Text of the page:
The United States Deputy Chief of Mission in Nigeria, Mr. David Young, last week, drew the attention of the Federal Government and other Nigerians to what he described as the challenges of population explosion which might drive Nigeria’s population to 400 million by 2050. He expressed concern that the country’s growing population, if not properly handled, could create more problems than opportunities in the future. He spoke at an interactive forum with members of the Sir Kashim Ibrahim Fellows held at Government House in Kaduna, Kaduna State. Time was, when comments such as Mr. Young’s, could be ridiculed as the asseverations of a busybody. Our view is that he is reflecting informed opinion which has been expressed by different well-meaning personalities at different times and at different places in recent times. These observations must be given the serious attention they deserve.
The first national census conducted in Nigeria after independence in 1963 put the country’s population at 55 million. That was 55 years ago. The figures were hotly disputed but they remained the working figures for nearly 30 years. A few months ago, the Chairman of the National Population Commission, Mr. Eze Duruiheoma, announced that the population has grown to be 198 million. In simple arithmetical terms, we added 143 million to our population within the period. In contrast, the population of the United Kingdom in 1963 was 53.6 million, in 2018, it is 66.57 million. Thus, whereas we added 143 million to our population during the last 55 years, the UK added less than 13 million. In other words, over and above the population growth in the UK, Nigeria added an extra 130 million to its population.
Going by our living standards, and the world has also seen how we live compared to other countries, all seems to have arrived at the conclusion that our population growth is “unparalleled and unrivalled” in the world, and this is the only index in which we scored such a distinction. It made us the seventh most populous country in the world and at our present growth rate of 6.5 percent, our population will hit 400 million in 2050 at which time we would then become the third most populous country in the world. These figures show that we account for 5 percent of all births in the world and 19 percent of all African births, with more than 7 million babies (about the population of Sierra Leone) born every year.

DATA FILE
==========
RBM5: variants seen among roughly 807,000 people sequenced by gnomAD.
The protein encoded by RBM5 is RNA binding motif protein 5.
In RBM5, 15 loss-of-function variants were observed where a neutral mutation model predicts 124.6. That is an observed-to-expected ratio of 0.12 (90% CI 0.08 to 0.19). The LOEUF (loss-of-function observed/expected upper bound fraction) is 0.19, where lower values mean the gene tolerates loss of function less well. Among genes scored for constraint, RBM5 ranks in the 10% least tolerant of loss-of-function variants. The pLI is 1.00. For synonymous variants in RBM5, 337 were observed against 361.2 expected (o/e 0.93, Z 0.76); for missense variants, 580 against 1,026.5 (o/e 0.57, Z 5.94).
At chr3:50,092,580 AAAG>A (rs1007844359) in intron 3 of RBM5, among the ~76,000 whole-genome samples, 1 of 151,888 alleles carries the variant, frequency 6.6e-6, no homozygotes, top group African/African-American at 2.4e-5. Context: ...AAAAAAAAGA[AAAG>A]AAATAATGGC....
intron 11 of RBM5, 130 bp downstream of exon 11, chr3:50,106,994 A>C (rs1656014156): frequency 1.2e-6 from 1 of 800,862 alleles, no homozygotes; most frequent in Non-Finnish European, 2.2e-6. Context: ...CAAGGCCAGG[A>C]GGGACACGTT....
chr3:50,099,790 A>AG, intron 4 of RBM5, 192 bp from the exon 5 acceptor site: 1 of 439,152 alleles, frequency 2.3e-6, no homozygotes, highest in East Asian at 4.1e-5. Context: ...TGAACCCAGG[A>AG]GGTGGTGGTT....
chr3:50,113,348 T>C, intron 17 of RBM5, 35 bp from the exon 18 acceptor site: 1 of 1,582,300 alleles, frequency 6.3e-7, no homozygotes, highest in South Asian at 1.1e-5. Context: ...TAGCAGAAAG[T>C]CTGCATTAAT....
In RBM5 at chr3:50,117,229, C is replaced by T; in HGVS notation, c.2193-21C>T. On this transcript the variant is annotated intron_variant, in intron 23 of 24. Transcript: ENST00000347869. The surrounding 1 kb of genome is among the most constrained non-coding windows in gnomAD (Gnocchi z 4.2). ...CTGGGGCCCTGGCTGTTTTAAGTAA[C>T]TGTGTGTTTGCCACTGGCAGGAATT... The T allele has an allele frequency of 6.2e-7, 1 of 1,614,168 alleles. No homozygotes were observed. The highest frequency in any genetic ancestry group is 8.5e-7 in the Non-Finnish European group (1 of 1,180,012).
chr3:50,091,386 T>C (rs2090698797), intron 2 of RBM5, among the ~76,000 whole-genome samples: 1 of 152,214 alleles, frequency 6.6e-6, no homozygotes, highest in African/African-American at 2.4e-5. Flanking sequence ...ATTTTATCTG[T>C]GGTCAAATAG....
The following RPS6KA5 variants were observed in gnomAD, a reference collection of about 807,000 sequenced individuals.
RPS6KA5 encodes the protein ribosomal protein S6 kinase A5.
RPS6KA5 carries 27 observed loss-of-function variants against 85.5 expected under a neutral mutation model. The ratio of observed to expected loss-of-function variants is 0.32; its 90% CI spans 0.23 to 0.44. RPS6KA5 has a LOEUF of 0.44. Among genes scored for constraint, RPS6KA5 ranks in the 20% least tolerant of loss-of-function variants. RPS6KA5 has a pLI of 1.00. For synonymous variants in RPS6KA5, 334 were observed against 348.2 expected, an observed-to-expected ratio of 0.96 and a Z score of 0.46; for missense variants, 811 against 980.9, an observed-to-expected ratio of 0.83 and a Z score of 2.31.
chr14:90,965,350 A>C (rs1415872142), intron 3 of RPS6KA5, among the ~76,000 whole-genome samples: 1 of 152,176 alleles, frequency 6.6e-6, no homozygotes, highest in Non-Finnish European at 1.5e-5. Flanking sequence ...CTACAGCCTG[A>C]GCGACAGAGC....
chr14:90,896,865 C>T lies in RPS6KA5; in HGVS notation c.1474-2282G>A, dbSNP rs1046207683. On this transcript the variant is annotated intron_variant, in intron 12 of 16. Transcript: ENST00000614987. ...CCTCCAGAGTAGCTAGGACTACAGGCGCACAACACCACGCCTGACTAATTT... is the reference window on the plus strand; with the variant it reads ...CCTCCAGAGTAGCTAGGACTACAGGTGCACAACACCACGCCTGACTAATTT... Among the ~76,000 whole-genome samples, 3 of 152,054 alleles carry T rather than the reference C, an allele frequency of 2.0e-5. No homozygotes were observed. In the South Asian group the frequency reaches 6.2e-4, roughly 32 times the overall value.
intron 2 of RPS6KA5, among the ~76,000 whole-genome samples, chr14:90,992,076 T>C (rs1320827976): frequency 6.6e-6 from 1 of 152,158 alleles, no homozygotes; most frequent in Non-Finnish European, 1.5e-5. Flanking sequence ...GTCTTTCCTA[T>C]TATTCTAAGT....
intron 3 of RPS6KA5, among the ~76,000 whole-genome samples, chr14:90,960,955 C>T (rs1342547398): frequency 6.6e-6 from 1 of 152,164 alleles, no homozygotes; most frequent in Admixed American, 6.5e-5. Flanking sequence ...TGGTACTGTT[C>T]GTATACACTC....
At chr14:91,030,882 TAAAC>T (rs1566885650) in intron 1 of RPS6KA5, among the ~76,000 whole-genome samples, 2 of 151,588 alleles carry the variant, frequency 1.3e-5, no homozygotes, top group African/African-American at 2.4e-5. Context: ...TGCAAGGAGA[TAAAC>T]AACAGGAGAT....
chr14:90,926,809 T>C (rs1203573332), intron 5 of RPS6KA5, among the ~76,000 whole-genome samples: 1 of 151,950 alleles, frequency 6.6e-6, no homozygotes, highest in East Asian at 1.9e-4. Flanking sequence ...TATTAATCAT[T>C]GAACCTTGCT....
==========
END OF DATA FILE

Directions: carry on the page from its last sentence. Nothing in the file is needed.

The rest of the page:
Thus it was no surprise when the Washington DC think tank, the Brookings Institution, demonstrated that Nigeria has overtaken India as a country that has the highest number of the world’s extremely poor. The report was authored by members of the World Data Lab, which keeps the World’s Poverty Clock. The clock measures the progress of the eradication of extreme poverty in all its forms by 2030. By its calculation, Nigeria has about 87 million people living in poverty as against 73 million in India. The irony is that the population of India is six times that of Nigeria. And when Mrs. Theresa May, the Prime Minister of Great Britain, visited Nigeria in August she noted that “much of Nigeria is thriving with many individuals enjoying the fruits of a resurgent economy, yet 87 million Nigerians live below $1 and 90 cents a day, making it home to more very poor people than any other nation in the world.” In contrast with Nigerians’ reaction to the “fantastically corrupt” remarks of her predecessor, David Cameron, Nigerians accepted her observation with silence and, perhaps, some shame.
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It is 32 years before 2050 and the time to try to avert the expected disaster is now. The watchword should be planning. The cause of anxiety is that the population is growing faster than the economy which means that the country may find itself in a situation where it is unable to take care of many citizens. The antidote to poverty the world has discovered in the last 50 years is education. The government should investment more in education.
We should return to family planning, a thoughtful precaution which saves everyone so many troubles. When the Chinese found themselves in a similar situation as we now have, they instituted the “one-child” policy. The consequences of an uncontrolled population explosion are impossible to predict and may involve social and political upheavals. Our population growth rate is excessive and unsustainable. The Federal Government should urgently constitute a task force to more deeply look into this issue and offer a practical, honest, culturally sensitive blueprint.
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